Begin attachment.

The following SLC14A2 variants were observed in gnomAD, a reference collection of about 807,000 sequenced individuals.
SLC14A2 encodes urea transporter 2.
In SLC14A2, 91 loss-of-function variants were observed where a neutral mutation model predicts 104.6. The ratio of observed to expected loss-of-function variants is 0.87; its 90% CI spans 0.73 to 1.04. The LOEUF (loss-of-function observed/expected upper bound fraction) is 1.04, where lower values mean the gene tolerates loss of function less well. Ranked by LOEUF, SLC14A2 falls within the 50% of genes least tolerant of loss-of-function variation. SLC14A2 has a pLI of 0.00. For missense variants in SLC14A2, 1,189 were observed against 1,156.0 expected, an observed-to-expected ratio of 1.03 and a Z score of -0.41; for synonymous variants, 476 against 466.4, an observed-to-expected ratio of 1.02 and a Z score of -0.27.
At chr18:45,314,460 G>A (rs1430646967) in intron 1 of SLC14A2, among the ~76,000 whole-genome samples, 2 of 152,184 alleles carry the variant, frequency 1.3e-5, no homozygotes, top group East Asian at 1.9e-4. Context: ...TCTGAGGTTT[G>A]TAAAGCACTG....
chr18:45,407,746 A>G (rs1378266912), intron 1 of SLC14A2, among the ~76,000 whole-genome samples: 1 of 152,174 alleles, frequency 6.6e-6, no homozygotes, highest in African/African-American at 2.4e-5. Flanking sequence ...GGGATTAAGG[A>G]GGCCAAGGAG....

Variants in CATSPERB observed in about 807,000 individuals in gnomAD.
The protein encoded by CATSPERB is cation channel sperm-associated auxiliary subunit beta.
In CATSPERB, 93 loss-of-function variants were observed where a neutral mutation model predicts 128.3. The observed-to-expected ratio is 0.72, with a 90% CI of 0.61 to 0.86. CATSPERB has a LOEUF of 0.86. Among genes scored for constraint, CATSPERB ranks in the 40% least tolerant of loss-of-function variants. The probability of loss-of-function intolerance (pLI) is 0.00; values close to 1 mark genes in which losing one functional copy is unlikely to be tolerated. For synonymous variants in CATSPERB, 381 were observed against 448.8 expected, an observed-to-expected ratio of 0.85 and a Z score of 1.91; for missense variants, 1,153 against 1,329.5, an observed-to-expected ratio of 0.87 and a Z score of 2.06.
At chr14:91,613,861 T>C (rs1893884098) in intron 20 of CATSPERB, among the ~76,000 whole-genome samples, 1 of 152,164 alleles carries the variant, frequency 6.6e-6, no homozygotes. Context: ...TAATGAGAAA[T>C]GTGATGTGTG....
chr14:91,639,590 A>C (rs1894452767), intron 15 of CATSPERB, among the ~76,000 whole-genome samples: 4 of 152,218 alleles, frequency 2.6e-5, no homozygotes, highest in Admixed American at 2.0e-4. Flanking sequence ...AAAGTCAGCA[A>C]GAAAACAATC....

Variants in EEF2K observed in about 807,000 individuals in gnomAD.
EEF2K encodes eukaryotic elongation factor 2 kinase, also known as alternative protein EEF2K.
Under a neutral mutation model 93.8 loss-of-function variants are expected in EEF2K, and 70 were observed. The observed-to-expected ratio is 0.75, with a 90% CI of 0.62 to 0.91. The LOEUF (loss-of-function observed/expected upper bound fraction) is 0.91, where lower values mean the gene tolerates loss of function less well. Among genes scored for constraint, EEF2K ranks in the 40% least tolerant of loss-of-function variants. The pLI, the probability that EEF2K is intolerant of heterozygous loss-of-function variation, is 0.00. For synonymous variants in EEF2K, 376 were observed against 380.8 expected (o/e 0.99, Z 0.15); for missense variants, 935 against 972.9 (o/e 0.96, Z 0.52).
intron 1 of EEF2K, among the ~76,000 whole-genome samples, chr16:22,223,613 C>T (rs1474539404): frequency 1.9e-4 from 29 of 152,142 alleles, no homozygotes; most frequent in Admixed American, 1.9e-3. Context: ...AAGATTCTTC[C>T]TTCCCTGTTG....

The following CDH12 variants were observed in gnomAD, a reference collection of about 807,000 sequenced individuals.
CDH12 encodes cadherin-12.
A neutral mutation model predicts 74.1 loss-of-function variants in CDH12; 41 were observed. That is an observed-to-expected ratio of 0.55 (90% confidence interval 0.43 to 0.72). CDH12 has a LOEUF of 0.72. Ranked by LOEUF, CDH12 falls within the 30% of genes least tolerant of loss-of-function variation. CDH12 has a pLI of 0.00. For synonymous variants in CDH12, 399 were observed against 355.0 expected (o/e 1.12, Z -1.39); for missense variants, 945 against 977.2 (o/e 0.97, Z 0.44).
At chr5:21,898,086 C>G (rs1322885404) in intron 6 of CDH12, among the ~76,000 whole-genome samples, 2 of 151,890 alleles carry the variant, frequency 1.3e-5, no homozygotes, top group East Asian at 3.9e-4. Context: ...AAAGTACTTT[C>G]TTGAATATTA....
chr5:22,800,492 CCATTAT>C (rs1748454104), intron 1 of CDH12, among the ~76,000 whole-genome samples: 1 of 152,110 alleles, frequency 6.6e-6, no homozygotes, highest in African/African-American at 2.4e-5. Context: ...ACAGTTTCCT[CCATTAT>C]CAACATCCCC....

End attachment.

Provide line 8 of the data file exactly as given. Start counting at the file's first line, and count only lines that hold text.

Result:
In CATSPERB, 93 loss-of-function variants were observed where a neutral mutation model predicts 128.3. The observed-to-expected ratio is 0.72, with a 90% CI of 0.61 to 0.86. CATSPERB has a LOEUF of 0.86. Among genes scored for constraint, CATSPERB ranks in the 40% least tolerant of loss-of-function variants. The probability of loss-of-function intolerance (pLI) is 0.00; values close to 1 mark genes in which losing one functional copy is unlikely to be tolerated. For synonymous variants in CATSPERB, 381 were observed against 448.8 expected, an observed-to-expected ratio of 0.85 and a Z score of 1.91; for missense variants, 1,153 against 1,329.5, an observed-to-expected ratio of 0.87 and a Z score of 2.06.